AT THE CROSSROADS OF SHIKOKU
Centuries ago, the Oboke-Iya district was a major crossroad of the island’s four domains (‘shi’ = four, ‘koku’ = domain). Located in the mountainous heart of Shikoku, anyone traveling from one domain to another would have to pass through this area. Today, roads have been built along the river but in olden times, human-paved pathways traveled high over the peaks of the mountains, and with good reason. The valleys were rocky and prone to flooding, with dangerous wild animals lurking. Little sunlight makes it through the dense forest, making it impossible for crops to grow, and so communities settled in the mountains, where all the necessities for life could be obtained.
Since there’s little flat space on the steep mountainside, platforms had to be created using stones as the foundations in order to build houses and paths. These walls were made without mortar or cement, using only carefully placed stones. These walls have lasted for centuries.
ANCIENT SUSTAINABLE FARMING METHODS
With no flat spaces to grow crops, farmers developed ways of coping with the challenges of cultivation on slopes, sewing along the curvature of the hillside to prevent erosion and trap water streaming down. They collect wild grass and store it in stooks. This nutrient-rich organic material is then used to mulch food crops in a completely natural and sustainable way. Not surprisingly, food produced this way tastes wonderful too.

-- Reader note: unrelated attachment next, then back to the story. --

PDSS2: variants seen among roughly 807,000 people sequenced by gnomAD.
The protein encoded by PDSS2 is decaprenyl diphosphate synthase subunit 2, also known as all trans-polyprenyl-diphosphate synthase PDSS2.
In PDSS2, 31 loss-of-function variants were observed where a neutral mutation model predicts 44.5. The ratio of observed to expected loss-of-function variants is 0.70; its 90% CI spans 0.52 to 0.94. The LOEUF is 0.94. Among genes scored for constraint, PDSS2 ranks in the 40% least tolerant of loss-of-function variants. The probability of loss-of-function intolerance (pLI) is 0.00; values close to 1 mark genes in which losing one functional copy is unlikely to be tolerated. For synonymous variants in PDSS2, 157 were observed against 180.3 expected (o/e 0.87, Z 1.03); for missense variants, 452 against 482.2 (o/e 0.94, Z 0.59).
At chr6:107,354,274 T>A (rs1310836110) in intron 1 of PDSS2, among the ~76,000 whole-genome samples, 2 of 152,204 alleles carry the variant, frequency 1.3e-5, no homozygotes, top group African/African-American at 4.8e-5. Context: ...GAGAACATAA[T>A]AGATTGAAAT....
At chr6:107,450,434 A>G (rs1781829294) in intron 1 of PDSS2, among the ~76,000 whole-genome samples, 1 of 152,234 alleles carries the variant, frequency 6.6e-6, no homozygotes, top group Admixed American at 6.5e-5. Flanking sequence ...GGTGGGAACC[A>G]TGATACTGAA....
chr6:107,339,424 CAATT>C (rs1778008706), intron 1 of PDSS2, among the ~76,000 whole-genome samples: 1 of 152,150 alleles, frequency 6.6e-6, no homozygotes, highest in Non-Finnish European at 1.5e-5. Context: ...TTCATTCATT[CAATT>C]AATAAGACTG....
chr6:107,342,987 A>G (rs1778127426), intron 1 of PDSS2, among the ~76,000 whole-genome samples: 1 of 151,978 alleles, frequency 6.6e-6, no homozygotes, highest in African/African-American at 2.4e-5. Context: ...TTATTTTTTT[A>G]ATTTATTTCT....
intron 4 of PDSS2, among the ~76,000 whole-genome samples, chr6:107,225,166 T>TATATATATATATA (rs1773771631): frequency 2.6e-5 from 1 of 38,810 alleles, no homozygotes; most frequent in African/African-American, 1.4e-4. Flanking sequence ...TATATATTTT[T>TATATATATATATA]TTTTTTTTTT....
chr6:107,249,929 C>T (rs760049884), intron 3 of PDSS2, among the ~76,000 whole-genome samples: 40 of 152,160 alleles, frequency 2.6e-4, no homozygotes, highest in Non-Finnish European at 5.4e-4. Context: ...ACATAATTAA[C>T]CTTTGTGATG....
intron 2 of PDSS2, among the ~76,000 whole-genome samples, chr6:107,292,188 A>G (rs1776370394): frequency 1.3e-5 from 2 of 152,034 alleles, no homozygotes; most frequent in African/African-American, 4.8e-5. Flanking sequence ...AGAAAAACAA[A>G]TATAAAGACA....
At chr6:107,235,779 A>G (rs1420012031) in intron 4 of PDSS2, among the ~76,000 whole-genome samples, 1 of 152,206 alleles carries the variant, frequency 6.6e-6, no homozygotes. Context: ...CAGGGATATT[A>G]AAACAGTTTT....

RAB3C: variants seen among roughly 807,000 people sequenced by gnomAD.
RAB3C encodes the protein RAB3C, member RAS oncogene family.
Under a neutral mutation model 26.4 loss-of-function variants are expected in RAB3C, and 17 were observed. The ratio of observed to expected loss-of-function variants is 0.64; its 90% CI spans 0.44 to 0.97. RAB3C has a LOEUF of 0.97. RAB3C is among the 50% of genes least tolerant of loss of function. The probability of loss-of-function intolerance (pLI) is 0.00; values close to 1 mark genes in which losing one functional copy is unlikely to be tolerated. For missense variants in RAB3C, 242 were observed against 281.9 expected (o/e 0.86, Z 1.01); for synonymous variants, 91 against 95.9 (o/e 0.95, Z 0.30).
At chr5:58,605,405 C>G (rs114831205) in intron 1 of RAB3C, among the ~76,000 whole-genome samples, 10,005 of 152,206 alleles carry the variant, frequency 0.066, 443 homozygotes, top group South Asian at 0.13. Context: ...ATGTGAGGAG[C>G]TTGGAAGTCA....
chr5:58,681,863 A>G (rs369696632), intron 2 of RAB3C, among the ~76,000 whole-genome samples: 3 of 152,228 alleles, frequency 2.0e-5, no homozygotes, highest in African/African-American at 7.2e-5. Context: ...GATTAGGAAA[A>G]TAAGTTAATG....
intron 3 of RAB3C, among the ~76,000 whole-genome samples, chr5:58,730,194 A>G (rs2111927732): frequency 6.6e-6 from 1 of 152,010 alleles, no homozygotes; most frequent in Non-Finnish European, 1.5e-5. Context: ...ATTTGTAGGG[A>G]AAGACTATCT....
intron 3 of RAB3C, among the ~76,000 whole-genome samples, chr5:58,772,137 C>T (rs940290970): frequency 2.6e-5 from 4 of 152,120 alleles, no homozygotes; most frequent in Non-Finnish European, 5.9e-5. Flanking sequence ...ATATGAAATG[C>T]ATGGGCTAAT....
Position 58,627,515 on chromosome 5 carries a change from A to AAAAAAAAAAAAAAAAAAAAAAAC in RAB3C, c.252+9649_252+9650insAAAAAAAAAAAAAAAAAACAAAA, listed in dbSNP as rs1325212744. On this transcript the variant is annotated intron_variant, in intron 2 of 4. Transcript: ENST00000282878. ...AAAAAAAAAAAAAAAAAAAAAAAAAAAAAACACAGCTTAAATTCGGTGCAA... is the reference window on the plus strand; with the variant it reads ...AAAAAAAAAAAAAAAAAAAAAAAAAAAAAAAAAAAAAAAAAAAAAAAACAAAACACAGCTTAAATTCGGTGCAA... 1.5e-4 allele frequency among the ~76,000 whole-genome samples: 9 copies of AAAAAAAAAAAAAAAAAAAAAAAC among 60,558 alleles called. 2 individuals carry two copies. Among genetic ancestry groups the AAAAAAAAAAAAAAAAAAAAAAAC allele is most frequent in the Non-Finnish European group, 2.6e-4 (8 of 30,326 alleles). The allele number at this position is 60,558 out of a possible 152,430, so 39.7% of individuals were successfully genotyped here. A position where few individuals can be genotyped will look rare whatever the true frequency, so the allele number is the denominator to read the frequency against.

Because rice can’t be grown on slopes, soba became a staple in these regions. It’s an attractive plant with beautiful white flowers. At Sarukai you can wander among soba fields, and enjoy the wildflowers that grow around the farm.
ENJOY THE SLOW LIFE IN A COMFORTABLE KOMINKA
The hamlet of Ochiai is one of the representative mountain communities that have maintained the centuries-old way of life. Today, you can stay in one of eight dwellings built more than a hundred years ago, refurbished with every modern comfort. The windows are doubled glazed and the accommodation is equipped with underfloor heating for the winter as well as air conditioning for the summer, and the futons are thick and fluffy. Guests can choose between a luxurious shower and a bath with an amazing view.
These houses, collectively known as Togenkyo-Iya, were restored by Alex Kerr, whose other vacation rental kominka project, Chiiori, is known worldwide. Besides these old houses for private rental, you can stay in the homes of farming families across the region and take part in the slow life.
These houses, collectively known as Togenkyo-Iya, were restored by Alex Kerr, whose other vacation rental kominka project, Chiiori, received global recognition. Besides these traditional houses reserved for private rental, you can stay in the homes of farming families across the region and take part in the slow life.
For dinner, indulge in meals prepared by locals using vegetables taken from the hills around you, and wild meat such as boar and venison. People from countries where potatoes are a staple ingredient may be surprised at how deliciously different the potatoes here can be. Lunch can be enjoyed at an old thatched samurai residence or at a pleasant little roadside soba restaurant.